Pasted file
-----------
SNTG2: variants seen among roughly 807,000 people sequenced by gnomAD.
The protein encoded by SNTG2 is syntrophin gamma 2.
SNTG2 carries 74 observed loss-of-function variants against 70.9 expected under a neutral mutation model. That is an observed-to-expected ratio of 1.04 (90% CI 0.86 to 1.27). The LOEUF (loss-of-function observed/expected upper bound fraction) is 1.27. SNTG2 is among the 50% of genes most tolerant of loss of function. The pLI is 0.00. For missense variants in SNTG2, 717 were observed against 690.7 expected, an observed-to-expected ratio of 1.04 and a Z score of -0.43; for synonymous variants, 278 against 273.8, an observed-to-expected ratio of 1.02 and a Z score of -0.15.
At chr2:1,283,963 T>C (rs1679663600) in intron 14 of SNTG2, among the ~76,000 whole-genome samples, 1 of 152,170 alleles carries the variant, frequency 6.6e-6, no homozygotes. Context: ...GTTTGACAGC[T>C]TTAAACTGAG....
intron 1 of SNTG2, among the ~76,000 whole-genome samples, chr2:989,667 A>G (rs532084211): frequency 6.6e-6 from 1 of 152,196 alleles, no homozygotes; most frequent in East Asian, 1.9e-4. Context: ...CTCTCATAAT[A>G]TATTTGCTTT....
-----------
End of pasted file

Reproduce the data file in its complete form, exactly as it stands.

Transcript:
SNTG2: variants seen among roughly 807,000 people sequenced by gnomAD.
The protein encoded by SNTG2 is syntrophin gamma 2.
SNTG2 carries 74 observed loss-of-function variants against 70.9 expected under a neutral mutation model. That is an observed-to-expected ratio of 1.04 (90% CI 0.86 to 1.27). The LOEUF (loss-of-function observed/expected upper bound fraction) is 1.27. SNTG2 is among the 50% of genes most tolerant of loss of function. The pLI is 0.00. For missense variants in SNTG2, 717 were observed against 690.7 expected, an observed-to-expected ratio of 1.04 and a Z score of -0.43; for synonymous variants, 278 against 273.8, an observed-to-expected ratio of 1.02 and a Z score of -0.15.
At chr2:1,283,963 T>C (rs1679663600) in intron 14 of SNTG2, among the ~76,000 whole-genome samples, 1 of 152,170 alleles carries the variant, frequency 6.6e-6, no homozygotes. Context: ...GTTTGACAGC[T>C]TTAAACTGAG....
intron 1 of SNTG2, among the ~76,000 whole-genome samples, chr2:989,667 A>G (rs532084211): frequency 6.6e-6 from 1 of 152,196 alleles, no homozygotes; most frequent in East Asian, 1.9e-4. Context: ...CTCTCATAAT[A>G]TATTTGCTTT....